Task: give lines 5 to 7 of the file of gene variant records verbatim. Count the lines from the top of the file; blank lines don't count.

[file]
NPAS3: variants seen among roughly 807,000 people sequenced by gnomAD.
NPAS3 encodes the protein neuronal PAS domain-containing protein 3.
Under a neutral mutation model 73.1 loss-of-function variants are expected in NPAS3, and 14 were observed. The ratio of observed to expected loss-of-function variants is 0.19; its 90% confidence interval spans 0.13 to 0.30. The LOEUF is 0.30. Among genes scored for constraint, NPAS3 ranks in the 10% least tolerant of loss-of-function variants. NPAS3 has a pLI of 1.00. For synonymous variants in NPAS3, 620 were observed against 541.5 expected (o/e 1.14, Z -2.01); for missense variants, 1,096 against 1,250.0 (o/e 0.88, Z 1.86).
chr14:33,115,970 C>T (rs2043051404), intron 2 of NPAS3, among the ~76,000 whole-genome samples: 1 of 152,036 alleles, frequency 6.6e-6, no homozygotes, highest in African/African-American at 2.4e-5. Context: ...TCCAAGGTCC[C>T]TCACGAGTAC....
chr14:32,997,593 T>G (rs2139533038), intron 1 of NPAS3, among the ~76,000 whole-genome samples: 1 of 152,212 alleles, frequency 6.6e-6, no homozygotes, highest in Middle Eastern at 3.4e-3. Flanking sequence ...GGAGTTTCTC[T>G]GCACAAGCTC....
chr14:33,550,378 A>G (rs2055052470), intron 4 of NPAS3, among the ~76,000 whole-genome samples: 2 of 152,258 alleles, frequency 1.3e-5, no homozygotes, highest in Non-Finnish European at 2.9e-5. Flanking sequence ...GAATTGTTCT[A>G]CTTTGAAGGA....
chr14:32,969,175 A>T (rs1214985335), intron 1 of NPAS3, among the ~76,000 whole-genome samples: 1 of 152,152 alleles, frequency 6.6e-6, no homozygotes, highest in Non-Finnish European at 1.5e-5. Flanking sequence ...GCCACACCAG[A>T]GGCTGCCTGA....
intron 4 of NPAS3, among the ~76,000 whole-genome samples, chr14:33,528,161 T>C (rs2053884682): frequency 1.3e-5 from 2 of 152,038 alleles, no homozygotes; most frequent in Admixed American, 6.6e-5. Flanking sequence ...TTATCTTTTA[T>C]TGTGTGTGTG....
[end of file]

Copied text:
chr14:32,997,593 T>G (rs2139533038), intron 1 of NPAS3, among the ~76,000 whole-genome samples: 1 of 152,212 alleles, frequency 6.6e-6, no homozygotes, highest in Middle Eastern at 3.4e-3. Flanking sequence ...GGAGTTTCTC[T>G]GCACAAGCTC....
chr14:33,550,378 A>G (rs2055052470), intron 4 of NPAS3, among the ~76,000 whole-genome samples: 2 of 152,258 alleles, frequency 1.3e-5, no homozygotes, highest in Non-Finnish European at 2.9e-5. Flanking sequence ...GAATTGTTCT[A>G]CTTTGAAGGA....
chr14:32,969,175 A>T (rs1214985335), intron 1 of NPAS3, among the ~76,000 whole-genome samples: 1 of 152,152 alleles, frequency 6.6e-6, no homozygotes, highest in Non-Finnish European at 1.5e-5. Flanking sequence ...GCCACACCAG[A>T]GGCTGCCTGA....